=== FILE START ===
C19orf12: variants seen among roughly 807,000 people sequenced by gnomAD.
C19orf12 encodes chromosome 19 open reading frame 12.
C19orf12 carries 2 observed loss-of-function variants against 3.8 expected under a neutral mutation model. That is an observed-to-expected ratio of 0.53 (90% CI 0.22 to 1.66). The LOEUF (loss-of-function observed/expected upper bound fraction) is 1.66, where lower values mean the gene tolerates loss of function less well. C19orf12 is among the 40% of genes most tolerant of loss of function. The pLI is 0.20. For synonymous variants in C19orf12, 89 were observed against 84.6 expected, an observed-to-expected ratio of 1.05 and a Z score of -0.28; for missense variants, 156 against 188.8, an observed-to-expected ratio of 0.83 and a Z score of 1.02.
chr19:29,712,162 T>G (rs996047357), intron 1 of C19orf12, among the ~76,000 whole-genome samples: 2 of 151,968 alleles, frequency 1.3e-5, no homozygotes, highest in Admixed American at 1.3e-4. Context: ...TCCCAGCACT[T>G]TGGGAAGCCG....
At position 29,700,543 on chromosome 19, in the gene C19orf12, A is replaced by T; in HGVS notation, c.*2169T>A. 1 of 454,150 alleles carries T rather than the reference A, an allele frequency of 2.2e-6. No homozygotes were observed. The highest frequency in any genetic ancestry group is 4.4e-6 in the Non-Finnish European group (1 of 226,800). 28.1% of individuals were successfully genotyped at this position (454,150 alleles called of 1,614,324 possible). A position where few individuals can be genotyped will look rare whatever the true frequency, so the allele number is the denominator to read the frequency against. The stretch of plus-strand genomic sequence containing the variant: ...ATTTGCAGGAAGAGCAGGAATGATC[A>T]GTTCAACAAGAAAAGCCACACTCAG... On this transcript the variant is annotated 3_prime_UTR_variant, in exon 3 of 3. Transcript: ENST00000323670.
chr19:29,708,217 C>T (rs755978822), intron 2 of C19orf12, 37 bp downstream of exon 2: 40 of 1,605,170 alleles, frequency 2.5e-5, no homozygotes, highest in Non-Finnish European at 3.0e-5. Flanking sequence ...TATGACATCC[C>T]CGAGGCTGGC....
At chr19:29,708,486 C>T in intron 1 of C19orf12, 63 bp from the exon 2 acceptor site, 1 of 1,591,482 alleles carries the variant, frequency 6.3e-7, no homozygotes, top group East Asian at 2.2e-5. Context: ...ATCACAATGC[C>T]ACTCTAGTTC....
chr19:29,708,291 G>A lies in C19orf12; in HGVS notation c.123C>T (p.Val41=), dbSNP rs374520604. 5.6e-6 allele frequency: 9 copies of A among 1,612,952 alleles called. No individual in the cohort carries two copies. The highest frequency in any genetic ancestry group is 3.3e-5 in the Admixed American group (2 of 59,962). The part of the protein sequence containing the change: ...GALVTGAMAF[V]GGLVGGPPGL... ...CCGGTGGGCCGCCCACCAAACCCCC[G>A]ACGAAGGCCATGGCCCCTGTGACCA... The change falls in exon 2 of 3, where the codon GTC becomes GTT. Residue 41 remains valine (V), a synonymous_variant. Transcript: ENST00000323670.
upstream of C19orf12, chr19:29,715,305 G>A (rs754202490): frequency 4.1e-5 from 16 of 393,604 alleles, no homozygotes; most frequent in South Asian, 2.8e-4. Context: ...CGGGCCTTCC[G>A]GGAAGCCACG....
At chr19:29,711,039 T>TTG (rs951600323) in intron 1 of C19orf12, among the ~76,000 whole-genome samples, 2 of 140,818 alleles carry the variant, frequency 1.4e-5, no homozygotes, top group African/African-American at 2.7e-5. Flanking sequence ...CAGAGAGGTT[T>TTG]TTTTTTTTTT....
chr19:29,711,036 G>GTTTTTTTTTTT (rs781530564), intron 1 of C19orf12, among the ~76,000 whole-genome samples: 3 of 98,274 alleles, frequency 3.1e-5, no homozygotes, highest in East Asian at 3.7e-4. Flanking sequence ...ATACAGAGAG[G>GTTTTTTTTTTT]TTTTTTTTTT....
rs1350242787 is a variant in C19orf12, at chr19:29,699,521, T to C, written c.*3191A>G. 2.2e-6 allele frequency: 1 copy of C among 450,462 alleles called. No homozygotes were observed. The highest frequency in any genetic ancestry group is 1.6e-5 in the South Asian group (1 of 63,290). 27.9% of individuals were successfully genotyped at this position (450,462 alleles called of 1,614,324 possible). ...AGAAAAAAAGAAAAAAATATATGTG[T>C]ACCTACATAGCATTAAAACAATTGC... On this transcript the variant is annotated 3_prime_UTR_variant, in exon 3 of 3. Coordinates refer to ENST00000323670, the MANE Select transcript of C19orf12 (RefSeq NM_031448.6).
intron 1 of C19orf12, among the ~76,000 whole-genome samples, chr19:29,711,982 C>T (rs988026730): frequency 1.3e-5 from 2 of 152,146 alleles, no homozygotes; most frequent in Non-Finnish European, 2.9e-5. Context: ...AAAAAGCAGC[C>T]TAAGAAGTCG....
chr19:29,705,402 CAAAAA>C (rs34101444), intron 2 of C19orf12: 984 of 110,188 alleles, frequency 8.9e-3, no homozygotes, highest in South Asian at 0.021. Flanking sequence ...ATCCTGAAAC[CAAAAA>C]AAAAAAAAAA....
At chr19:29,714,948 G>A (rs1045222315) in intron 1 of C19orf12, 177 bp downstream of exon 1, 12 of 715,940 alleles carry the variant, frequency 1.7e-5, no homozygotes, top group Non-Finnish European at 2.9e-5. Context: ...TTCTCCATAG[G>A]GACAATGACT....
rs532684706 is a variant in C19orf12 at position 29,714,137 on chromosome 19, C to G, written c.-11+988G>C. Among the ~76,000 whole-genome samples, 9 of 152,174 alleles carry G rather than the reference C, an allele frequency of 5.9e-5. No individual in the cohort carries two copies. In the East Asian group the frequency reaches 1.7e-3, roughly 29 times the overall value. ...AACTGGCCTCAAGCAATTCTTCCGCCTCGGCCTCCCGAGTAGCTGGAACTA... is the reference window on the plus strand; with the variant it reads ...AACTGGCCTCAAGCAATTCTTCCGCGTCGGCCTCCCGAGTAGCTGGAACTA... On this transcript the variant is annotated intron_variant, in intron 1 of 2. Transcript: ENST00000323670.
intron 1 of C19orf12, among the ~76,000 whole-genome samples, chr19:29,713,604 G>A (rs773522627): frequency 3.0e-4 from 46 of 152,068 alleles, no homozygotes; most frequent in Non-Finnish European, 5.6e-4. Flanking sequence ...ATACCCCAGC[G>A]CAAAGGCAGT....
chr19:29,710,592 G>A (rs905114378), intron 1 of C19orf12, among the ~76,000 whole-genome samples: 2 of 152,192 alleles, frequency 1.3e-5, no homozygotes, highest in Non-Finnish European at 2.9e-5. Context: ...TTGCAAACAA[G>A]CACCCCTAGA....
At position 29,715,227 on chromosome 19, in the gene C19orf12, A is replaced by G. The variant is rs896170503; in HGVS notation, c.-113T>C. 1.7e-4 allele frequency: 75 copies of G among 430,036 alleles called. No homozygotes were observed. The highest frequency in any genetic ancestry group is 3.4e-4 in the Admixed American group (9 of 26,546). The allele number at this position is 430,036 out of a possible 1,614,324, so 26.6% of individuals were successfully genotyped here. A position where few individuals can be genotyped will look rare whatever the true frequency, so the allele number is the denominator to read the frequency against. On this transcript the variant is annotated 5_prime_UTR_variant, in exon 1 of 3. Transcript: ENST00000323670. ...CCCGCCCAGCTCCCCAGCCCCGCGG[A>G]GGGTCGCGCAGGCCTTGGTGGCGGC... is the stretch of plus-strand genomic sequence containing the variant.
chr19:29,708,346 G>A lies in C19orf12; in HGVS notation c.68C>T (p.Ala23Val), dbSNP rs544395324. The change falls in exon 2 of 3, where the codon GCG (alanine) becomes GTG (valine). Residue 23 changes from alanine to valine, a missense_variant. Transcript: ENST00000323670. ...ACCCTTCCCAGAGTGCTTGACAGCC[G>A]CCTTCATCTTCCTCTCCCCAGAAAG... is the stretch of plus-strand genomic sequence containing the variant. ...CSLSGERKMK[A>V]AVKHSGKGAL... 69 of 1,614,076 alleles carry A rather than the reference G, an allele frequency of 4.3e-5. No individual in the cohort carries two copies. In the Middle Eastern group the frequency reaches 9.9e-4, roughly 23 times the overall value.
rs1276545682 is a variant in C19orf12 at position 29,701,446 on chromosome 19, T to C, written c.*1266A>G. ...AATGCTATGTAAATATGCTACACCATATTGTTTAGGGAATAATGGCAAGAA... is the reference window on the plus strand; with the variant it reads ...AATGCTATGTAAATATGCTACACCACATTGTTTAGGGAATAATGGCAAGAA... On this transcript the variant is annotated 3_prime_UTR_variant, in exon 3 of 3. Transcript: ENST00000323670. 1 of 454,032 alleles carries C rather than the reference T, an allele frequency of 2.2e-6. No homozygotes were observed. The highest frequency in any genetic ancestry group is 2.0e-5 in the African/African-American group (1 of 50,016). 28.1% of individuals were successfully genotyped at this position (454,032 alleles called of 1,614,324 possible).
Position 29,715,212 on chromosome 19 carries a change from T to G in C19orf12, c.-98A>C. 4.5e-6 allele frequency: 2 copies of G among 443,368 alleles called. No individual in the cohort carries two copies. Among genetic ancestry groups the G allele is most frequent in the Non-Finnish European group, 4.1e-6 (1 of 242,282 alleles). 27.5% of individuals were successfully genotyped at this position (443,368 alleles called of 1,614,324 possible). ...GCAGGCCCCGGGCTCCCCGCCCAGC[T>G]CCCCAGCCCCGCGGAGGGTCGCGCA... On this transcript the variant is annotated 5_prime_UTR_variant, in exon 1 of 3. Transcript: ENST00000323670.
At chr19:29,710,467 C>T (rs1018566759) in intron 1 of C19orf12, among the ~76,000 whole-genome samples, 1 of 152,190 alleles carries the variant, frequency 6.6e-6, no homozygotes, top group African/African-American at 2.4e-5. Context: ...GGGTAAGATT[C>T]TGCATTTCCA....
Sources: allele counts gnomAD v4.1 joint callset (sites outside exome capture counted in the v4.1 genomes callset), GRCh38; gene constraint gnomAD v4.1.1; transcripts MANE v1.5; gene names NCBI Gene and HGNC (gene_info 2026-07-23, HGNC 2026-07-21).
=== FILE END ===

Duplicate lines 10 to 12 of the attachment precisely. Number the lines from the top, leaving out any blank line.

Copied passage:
At chr19:29,711,039 T>TTG (rs951600323) in intron 1 of C19orf12, among the ~76,000 whole-genome samples, 2 of 140,818 alleles carry the variant, frequency 1.4e-5, no homozygotes, top group African/African-American at 2.7e-5. Flanking sequence ...CAGAGAGGTT[T>TTG]TTTTTTTTTT....
chr19:29,711,036 G>GTTTTTTTTTTT (rs781530564), intron 1 of C19orf12, among the ~76,000 whole-genome samples: 3 of 98,274 alleles, frequency 3.1e-5, no homozygotes, highest in East Asian at 3.7e-4. Flanking sequence ...ATACAGAGAG[G>GTTTTTTTTTTT]TTTTTTTTTT....
rs1350242787 is a variant in C19orf12, at chr19:29,699,521, T to C, written c.*3191A>G. 2.2e-6 allele frequency: 1 copy of C among 450,462 alleles called. No homozygotes were observed. The highest frequency in any genetic ancestry group is 1.6e-5 in the South Asian group (1 of 63,290). 27.9% of individuals were successfully genotyped at this position (450,462 alleles called of 1,614,324 possible). ...AGAAAAAAAGAAAAAAATATATGTG[T>C]ACCTACATAGCATTAAAACAATTGC... On this transcript the variant is annotated 3_prime_UTR_variant, in exon 3 of 3. Coordinates refer to ENST00000323670, the MANE Select transcript of C19orf12 (RefSeq NM_031448.6).